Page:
Hard News by Russell Brown


And some cat from Japan ...

As ever, I'm not inclined to be too terribly serious on a Friday – read further down for a cat video -- but do please allow me to commend to you last night's Media7 discussion about the origin and backdrop to the PEDA funding controversy. I think we got to some stuff that hasn't been reported before – at least not outside the Pacific media world.

Richard Pamatatau was as together as ever, and it was nice to meet Efeso Collins (an extremely impressive young man) and Sefita Hao'uli (who I was pleased to discover is a regular Public Address reader). Obviously, you have to be interested in the subject matter to run a panel discussion, but I was really interested in what these three had to say.

There's also a chat with new Metro editor editor Simon Wilson. His first issue at the helm is out on Monday, and includes Gary Steel's interview with Chris Knox, which is accompanied by some striking – and discomforting – portraits by Jane Ussher. The issue also contains work from new regular writers Emma Hart, Damian Christie and David Slack, and also something from Gemma Gracewood. Which just goes to show what a fantastic judge of talent I am.


You'll note, fresh today, Paul Millar's reprised analysis of the circumstances and significance of Bill Pearson's 'Fretful Sleepers'. Paul was kind enough to supply an introduction when I first re-published Pearson's famous essay in Great New Zealand Argument, and he's now adapted the relevant chapter from his Pearson biography, No Fretful Sleeper. I have two copies of Paul's book to give away to people who write interesting comments under the post.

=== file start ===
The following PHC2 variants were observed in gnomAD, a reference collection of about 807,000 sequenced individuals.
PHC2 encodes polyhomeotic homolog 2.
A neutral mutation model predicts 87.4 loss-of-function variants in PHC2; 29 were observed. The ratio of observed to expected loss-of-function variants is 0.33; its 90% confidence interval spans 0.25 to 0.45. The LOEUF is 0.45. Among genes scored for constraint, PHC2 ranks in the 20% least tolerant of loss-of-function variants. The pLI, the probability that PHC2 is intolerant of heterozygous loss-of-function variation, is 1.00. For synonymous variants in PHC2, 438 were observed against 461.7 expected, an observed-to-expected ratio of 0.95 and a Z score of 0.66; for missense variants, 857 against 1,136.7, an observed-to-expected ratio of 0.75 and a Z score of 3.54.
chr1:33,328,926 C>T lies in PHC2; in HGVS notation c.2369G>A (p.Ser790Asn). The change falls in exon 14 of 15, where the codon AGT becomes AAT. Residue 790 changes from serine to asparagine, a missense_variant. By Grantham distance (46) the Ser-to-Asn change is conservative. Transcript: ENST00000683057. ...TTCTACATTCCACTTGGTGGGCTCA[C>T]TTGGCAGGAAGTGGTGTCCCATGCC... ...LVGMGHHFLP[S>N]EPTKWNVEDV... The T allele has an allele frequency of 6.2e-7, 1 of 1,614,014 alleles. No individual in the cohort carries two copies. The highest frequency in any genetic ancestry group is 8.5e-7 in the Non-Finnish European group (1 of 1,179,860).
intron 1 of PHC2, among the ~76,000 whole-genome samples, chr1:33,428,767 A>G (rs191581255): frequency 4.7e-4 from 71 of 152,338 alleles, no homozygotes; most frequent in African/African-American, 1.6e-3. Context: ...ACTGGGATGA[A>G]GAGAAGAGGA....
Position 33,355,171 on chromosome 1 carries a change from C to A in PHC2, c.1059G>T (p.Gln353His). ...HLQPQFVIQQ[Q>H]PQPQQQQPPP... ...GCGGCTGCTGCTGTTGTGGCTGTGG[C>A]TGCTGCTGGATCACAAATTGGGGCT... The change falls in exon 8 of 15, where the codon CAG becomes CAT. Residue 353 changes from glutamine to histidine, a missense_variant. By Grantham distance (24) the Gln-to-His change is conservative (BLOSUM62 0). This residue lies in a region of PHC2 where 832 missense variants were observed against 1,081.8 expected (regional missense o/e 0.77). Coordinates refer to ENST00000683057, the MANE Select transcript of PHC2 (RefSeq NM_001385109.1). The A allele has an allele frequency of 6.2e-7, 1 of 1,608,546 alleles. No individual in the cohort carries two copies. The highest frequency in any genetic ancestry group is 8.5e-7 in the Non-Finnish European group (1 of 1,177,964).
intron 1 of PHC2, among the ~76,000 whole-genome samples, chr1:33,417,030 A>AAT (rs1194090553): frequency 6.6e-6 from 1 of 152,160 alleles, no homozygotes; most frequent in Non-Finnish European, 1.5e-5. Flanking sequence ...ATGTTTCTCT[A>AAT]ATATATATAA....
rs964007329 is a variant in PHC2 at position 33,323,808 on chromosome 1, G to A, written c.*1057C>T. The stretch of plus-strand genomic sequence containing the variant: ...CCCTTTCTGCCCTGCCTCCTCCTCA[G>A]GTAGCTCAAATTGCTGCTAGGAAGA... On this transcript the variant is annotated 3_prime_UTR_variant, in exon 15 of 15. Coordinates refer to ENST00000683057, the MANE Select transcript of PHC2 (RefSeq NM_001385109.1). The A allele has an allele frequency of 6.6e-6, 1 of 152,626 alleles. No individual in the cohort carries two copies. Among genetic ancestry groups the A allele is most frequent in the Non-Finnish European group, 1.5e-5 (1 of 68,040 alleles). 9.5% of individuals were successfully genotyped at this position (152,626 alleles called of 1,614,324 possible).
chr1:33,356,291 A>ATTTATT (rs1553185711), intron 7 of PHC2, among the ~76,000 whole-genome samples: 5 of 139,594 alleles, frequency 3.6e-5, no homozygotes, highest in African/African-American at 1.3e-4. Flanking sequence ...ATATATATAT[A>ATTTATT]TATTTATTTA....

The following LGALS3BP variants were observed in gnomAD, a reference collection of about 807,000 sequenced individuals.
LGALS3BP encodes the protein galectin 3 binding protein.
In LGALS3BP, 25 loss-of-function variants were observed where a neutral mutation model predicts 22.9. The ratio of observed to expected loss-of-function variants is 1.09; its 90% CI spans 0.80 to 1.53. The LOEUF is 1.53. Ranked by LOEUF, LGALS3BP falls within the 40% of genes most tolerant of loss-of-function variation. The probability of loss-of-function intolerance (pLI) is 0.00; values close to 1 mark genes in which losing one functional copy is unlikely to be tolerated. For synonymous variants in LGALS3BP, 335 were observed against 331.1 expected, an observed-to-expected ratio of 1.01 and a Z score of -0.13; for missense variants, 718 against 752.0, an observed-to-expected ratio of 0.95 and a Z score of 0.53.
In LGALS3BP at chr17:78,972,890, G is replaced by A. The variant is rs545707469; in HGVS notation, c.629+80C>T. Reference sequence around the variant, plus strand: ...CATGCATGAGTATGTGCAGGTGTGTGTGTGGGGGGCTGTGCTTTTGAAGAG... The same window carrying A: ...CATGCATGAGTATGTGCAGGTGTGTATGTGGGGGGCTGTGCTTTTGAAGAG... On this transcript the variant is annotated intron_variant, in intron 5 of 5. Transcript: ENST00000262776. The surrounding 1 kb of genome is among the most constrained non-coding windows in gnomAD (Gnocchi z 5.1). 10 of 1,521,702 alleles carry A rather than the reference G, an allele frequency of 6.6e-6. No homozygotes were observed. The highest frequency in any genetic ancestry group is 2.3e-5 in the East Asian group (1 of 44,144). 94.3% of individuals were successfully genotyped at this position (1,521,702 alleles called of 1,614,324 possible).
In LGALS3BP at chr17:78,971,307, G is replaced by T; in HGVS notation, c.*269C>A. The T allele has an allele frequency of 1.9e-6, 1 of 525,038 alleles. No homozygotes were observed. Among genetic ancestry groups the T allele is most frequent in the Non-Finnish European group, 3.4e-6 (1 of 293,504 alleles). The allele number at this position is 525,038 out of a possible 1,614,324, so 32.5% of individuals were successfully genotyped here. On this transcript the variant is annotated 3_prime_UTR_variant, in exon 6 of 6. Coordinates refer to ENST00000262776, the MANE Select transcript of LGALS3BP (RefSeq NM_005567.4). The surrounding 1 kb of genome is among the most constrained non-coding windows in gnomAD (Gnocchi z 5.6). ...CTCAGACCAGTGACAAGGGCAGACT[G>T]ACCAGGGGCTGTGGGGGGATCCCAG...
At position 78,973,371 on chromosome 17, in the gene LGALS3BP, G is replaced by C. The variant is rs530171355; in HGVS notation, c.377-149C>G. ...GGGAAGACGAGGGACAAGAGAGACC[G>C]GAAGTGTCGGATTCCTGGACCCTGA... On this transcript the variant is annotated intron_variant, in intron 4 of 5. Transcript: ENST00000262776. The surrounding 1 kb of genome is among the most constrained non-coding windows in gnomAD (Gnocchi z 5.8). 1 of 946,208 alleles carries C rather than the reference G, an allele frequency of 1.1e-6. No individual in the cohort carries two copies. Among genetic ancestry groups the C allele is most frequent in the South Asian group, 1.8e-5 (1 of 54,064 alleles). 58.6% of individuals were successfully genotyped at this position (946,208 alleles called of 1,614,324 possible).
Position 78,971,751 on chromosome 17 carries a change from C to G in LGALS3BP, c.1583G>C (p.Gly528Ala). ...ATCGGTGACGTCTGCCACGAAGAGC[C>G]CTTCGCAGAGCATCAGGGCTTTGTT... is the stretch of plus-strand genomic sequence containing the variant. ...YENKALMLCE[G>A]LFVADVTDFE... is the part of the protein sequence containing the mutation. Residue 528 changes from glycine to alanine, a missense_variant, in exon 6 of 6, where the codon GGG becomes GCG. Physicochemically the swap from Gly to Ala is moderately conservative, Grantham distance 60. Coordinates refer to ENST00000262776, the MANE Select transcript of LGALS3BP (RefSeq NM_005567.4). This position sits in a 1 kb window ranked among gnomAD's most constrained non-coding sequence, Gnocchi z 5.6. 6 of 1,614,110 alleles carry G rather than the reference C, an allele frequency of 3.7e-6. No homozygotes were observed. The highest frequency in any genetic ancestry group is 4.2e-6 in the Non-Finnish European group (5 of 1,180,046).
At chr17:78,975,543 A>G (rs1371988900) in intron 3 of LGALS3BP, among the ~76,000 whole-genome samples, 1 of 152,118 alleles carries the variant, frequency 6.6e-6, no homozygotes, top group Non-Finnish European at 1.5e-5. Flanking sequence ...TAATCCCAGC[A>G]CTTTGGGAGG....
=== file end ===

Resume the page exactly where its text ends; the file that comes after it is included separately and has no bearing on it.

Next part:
If you're in or near Wanaka this Sunday, you could do a lot worse than to get along to a rare screening of my buddy Andrew Moore's NZ skate history No More Heroes, put on by Manual magazine.

Some tunes:

'Specially for Danielle, to help her with that bad-feminist thing (although Julie Bindel feels your pain), the Xx vs Notorious B.I.G. (It's Soundcloud – look for the little download arrow) which is way better than it has a right to be.

A bunch of remixes, from the blogosphere (the dubstep mix of 'Heart of Glass' and the Holy Ghost remix of 'Drunk Girls' took my fancy) plus a bunch of free-and-legal downloads including a full live performance of The Pixies' Doolittle

And in a complete different vein, I'd never twigged that one of my favourite Nina Simone songs, 'Do What You Gotta Do' (it's tacked onto the end of the obscure, brilliant live album 'Nuff Said') was written by Jimmy Webb. It features on his new album, Just Across the River, and there's an approved free download of it with this review. Yep, it's pretty cheesy - but the same reviewer has also posted versions by Nina, Clarence Carter and Roberta Flack. Niceness.

A word for the vee-jay set performed by KillaManraro (aka Ned Ngatae) at last week's Turnaround. An hour of 80s electro and R&B classics would have been good enough for my colleagues and I; the visuals just made it great.

Now, if you are one of the few people who haven't seen Matt Smith's wonderful turn with Orbital on the Doctor Who Theme at Glastonbury last Sunday, it's here:

You may remember the timeless YouTube video of the cat that wandered around with a bag on its head. This is the same, awesome, cat, from Japan:

And that is all. Feel free to share anything else of significance.

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